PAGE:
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Wildlife Watch

Rare Desert Lions of 'Five Musketeers' Fame Poisoned

The stars of a film that aired on National Geographic were poisoned in retaliation for attacking a donkey.

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Five desert lions look out over the Namibian landscape. Three desert lions, who were featured in a National Geographic film earlier this year, died in August after eating a donkey carcass laced with poison.


A trio of male lions died earlier this month after they were poisoned—but they weren’t just any big cats. They were three of the five brothers, known as “the five musketeers,” who starred in the film Vanishing Kings: Lions of the Namib, which aired on the National Geographic Channel earlier this year. The film traced their pride through the Namib Desert in northern Namibia.

Philip Stander, founder of the Desert Lion Conservation project, the organization tracking the lions, found their carcasses on August 10 near the village of Tomakas, according to the Namibian. It’s suspected that this was an act of retaliation by farmers who had laced a donkey carcass with poison after the lions had killed the donkey.

“This is truly a tragedy for Namibia’s lion conservation efforts in a very challenging environment that balances lion and human coexistence,” Stander said in the Namibian report. With no more than 150 lions remaining in the country, the unnatural loss of any of them is cause for concern.

The Namibia Ministry of Environment and Tourism has opened an investigation into the case, according to a statement on its Facebook page. The agency “condemns this illegal activity of poisoning the lions and those involved will face the full wrath of the law,” the statements reads.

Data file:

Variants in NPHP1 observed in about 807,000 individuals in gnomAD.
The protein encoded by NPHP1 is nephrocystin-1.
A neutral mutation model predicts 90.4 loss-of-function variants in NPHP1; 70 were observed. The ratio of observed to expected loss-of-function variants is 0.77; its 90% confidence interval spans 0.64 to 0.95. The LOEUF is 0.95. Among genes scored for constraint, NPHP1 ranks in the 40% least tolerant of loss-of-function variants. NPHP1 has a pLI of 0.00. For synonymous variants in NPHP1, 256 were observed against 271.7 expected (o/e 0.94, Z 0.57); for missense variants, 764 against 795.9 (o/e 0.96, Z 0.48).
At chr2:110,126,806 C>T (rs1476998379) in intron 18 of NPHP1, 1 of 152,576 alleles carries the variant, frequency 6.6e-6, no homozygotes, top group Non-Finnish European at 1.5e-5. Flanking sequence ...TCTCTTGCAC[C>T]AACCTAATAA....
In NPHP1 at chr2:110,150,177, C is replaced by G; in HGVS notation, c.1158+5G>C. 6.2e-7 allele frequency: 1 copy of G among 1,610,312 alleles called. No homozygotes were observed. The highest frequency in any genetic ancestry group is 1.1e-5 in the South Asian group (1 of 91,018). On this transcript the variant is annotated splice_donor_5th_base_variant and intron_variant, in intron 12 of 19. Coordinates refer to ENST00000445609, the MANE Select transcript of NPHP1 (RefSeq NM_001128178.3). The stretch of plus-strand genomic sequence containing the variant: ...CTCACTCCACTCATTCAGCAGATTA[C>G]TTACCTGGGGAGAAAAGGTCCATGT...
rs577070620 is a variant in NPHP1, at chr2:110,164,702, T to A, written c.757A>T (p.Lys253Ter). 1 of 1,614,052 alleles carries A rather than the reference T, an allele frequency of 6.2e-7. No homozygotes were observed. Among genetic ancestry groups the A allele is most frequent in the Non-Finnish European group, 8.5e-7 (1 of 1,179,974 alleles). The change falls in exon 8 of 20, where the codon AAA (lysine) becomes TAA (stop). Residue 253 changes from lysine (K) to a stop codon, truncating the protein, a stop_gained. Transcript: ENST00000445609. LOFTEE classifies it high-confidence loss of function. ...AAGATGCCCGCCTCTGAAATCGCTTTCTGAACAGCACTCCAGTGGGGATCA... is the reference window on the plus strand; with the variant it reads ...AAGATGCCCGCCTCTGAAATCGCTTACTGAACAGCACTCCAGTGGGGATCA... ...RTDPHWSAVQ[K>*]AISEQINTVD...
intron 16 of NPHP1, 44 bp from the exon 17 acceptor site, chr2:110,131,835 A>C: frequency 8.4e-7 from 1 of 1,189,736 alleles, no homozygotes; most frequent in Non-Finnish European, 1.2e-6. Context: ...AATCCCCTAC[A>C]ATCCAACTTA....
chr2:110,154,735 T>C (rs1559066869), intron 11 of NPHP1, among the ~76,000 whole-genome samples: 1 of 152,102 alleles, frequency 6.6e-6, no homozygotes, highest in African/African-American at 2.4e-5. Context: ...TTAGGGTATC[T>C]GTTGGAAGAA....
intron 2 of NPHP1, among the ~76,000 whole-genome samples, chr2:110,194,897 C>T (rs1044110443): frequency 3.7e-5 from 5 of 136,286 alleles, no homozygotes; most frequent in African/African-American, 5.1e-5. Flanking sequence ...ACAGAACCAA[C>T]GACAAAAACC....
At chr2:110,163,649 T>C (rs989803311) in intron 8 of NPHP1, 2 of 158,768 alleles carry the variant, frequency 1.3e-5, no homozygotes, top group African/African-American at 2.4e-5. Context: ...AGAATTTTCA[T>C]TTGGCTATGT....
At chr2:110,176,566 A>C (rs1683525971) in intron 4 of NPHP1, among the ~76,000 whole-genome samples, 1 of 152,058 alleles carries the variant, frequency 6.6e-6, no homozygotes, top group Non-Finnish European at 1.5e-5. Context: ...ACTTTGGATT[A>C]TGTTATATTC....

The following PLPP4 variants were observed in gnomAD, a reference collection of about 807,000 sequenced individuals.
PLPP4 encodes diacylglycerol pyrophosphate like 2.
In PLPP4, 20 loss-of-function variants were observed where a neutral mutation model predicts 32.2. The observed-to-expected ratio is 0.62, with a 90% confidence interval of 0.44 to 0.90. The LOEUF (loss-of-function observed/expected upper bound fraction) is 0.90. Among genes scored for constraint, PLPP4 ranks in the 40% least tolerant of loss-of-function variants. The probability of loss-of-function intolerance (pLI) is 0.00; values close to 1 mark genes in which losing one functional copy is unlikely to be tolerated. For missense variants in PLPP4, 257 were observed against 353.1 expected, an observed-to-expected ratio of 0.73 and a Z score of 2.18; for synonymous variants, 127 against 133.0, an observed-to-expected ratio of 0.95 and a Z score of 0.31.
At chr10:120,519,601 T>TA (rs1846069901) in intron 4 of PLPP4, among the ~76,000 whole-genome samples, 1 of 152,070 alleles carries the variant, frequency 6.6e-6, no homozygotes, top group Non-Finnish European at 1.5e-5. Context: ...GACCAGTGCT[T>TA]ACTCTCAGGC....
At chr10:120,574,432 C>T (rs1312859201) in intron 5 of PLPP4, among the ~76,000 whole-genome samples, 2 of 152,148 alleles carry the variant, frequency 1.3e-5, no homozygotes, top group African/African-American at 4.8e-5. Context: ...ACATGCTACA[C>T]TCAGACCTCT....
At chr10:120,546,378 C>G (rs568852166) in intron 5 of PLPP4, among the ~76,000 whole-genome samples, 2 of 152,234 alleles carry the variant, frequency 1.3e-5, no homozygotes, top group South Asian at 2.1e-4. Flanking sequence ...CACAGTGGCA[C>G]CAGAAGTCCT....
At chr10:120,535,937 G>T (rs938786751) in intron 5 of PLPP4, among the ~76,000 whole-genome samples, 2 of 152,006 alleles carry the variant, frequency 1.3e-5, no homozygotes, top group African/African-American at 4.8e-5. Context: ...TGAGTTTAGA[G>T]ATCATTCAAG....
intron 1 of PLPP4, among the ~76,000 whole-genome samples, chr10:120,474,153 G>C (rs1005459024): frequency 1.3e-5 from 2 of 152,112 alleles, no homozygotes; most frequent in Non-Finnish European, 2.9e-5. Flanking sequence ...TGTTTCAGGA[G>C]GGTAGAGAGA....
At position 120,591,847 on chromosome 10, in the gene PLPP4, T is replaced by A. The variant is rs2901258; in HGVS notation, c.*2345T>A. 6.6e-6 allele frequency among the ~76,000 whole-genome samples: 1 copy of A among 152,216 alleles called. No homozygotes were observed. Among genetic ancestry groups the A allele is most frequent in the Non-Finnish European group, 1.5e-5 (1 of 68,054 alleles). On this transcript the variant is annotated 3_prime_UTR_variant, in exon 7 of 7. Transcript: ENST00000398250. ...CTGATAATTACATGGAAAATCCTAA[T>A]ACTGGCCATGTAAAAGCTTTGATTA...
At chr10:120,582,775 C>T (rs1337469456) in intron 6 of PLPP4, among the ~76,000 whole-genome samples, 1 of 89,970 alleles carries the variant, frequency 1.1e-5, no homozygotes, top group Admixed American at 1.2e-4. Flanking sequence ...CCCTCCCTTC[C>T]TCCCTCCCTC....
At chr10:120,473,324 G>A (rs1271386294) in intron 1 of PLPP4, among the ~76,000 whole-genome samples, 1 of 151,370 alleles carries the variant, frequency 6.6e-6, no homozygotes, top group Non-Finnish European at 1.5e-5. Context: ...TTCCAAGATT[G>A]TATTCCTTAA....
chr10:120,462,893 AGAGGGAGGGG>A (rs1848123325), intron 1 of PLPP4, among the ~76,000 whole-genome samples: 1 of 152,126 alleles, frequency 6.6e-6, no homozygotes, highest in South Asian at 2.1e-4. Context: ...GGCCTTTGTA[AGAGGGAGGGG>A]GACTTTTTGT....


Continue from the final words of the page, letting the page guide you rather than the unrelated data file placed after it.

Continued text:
This isn’t the pride’s first tragedy. A villager shot and killed one of the other brothers in July after an incident at a temporary cattle post, which intensified fears over the remaining brothers’ safety. The famed lions had become popular with tourists and less afraid of people, Stander told the Namibian.

Concern over the lions’ safety prompted a decision by the government to move the lions from the Tomakas area to the Uniab Delta, which was thought to be safer. But then disaster struck. (Also see “Lions, Hyenas Killed With Poisoned Meat”)

“It’s terrible,” says Marjolein Duermeijer, a producer for the film. “We’ve been following the five of them for a long time, and we already lost one, so it was already terrible.”

Namibia’s desert lions, which mostly roam outside protected areas in remote, arid northern Namibia, evolved to survive some of the harshest conditions for animals on Earth. Thick coats help them adapt to colder weather, and they can subsist without drinking water, consuming prey such as ostriches and antelopes to hydrate themselves.

Like most of the wild lions in Africa, the desert lions have to contend with threats from farmers trying to protect their cattle from the predators. Stander’s organization has been working to try to help humans and lions coexist peacefully.

In December, Wildlife Watch wrote about the deaths of three members of another famous lion pride, the stars of the BBC series called Big Cat Diaries. Those lions died in Kenya after eating the carcass of a cow that had been laced with poison.

As for the famous lions in Namibia, only one of the brothers is left now. Known as Tullamore (his scientific name is Xpl-93), the lion was moved to the area around the mouth of the Uniab River. But he’s since been tracked heading back in the direction of the Tomakas area, likely to search for his brothers, according to an August 22 Facebook post by the Desert Lion Conservation project.

This story was produced by National Geographic’s Special Investigations Unit, which focuses on wildlife crime and is made possible by grants from the BAND Foundation and the Woodtiger Fund. Read more stories from the SIU on Wildlife Watch. Send tips, feedback, and story ideas to ngwildlife@ngs.org.

Follow Jani Actman on Twitter.

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